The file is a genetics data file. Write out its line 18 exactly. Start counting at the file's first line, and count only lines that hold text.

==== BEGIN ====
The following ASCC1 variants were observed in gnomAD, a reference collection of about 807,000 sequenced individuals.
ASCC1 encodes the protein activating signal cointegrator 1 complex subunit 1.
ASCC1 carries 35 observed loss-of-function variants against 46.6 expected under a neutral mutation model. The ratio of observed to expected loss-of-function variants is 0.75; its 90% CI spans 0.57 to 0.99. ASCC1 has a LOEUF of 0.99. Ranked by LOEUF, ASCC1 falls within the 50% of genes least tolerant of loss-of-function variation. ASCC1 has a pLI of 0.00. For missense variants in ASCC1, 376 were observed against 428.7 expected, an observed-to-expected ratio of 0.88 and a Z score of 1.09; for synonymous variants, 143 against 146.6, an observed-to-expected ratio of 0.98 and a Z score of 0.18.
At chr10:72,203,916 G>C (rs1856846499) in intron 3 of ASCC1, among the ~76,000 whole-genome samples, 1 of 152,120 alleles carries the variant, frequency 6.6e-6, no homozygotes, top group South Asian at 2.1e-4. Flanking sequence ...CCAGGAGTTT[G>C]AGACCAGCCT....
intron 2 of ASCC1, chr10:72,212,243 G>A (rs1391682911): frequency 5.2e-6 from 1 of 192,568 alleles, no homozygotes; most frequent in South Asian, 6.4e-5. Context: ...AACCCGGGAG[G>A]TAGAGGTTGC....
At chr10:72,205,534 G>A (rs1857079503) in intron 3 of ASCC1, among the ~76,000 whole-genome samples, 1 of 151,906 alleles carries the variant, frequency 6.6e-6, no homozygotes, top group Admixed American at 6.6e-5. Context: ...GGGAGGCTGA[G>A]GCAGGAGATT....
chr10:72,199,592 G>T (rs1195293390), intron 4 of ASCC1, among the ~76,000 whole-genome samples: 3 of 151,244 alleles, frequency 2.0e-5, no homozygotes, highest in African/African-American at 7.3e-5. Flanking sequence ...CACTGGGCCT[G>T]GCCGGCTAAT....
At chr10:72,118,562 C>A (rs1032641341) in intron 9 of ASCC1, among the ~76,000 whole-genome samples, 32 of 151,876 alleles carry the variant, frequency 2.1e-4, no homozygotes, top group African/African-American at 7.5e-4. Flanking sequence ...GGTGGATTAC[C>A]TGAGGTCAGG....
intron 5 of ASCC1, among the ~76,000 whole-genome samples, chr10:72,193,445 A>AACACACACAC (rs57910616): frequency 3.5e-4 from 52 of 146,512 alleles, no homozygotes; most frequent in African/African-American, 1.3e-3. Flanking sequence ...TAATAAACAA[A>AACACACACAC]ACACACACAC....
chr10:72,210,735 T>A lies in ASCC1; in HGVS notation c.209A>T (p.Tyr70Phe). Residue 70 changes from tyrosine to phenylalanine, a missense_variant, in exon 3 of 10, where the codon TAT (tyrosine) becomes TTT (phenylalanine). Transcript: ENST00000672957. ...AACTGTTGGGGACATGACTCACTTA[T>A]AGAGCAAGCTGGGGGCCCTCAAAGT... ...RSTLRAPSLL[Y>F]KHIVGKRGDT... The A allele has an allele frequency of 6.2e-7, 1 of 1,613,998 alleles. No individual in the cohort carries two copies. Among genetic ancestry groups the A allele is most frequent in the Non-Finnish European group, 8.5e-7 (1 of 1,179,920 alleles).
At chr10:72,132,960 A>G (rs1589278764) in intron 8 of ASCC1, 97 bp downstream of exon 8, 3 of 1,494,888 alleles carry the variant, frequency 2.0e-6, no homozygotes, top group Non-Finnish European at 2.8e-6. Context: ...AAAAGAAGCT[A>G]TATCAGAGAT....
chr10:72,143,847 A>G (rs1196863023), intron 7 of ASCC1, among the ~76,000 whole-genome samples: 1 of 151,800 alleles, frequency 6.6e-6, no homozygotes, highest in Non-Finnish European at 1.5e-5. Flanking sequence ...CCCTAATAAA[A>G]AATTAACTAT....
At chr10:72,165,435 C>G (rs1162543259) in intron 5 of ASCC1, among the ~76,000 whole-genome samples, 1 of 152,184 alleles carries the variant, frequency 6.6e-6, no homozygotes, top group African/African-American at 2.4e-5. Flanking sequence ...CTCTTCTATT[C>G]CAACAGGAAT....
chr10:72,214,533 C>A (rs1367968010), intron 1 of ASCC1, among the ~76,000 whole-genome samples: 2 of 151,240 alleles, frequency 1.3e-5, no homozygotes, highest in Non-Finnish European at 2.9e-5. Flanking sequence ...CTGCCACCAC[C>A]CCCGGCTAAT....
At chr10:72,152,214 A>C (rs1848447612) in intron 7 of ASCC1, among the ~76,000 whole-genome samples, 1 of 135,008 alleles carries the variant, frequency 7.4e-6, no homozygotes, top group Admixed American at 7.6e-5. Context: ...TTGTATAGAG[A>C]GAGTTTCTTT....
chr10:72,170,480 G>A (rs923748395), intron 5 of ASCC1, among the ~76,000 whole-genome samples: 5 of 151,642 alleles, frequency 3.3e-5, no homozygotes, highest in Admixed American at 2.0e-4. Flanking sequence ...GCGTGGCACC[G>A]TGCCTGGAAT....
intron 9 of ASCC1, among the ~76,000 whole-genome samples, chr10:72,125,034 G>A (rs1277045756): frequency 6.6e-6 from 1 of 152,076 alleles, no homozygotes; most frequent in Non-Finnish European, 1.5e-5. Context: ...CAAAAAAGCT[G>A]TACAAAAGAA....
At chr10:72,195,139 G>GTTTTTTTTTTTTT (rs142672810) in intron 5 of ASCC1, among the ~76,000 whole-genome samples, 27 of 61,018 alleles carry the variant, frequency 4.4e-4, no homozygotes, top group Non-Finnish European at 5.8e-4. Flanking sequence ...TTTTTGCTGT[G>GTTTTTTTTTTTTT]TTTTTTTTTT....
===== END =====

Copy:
At chr10:72,195,139 G>GTTTTTTTTTTTTT (rs142672810) in intron 5 of ASCC1, among the ~76,000 whole-genome samples, 27 of 61,018 alleles carry the variant, frequency 4.4e-4, no homozygotes, top group Non-Finnish European at 5.8e-4. Flanking sequence ...TTTTTGCTGT[G>GTTTTTTTTTTTTT]TTTTTTTTTT....